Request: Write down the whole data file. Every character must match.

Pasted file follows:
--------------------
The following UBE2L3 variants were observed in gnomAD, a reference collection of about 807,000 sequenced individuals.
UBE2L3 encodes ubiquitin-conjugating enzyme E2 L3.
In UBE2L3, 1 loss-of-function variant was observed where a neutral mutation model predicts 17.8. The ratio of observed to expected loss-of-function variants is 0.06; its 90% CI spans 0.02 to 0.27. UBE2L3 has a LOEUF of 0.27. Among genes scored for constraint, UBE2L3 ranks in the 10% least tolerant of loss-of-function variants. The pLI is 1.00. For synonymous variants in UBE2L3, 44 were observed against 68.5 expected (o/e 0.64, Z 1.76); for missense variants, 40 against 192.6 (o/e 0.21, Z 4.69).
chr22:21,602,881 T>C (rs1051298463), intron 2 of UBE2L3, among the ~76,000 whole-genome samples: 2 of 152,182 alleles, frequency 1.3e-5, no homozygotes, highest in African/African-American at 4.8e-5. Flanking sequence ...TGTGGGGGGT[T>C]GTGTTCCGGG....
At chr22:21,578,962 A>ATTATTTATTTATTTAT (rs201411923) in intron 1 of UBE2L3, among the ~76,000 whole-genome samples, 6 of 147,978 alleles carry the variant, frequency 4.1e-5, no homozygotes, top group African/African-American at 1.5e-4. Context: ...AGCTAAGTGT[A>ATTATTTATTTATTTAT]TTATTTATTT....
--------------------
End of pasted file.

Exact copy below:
The following UBE2L3 variants were observed in gnomAD, a reference collection of about 807,000 sequenced individuals.
UBE2L3 encodes ubiquitin-conjugating enzyme E2 L3.
In UBE2L3, 1 loss-of-function variant was observed where a neutral mutation model predicts 17.8. The ratio of observed to expected loss-of-function variants is 0.06; its 90% CI spans 0.02 to 0.27. UBE2L3 has a LOEUF of 0.27. Among genes scored for constraint, UBE2L3 ranks in the 10% least tolerant of loss-of-function variants. The pLI is 1.00. For synonymous variants in UBE2L3, 44 were observed against 68.5 expected (o/e 0.64, Z 1.76); for missense variants, 40 against 192.6 (o/e 0.21, Z 4.69).
chr22:21,602,881 T>C (rs1051298463), intron 2 of UBE2L3, among the ~76,000 whole-genome samples: 2 of 152,182 alleles, frequency 1.3e-5, no homozygotes, highest in African/African-American at 4.8e-5. Flanking sequence ...TGTGGGGGGT[T>C]GTGTTCCGGG....
At chr22:21,578,962 A>ATTATTTATTTATTTAT (rs201411923) in intron 1 of UBE2L3, among the ~76,000 whole-genome samples, 6 of 147,978 alleles carry the variant, frequency 4.1e-5, no homozygotes, top group African/African-American at 1.5e-4. Context: ...AGCTAAGTGT[A>ATTATTTATTTATTTAT]TTATTTATTT....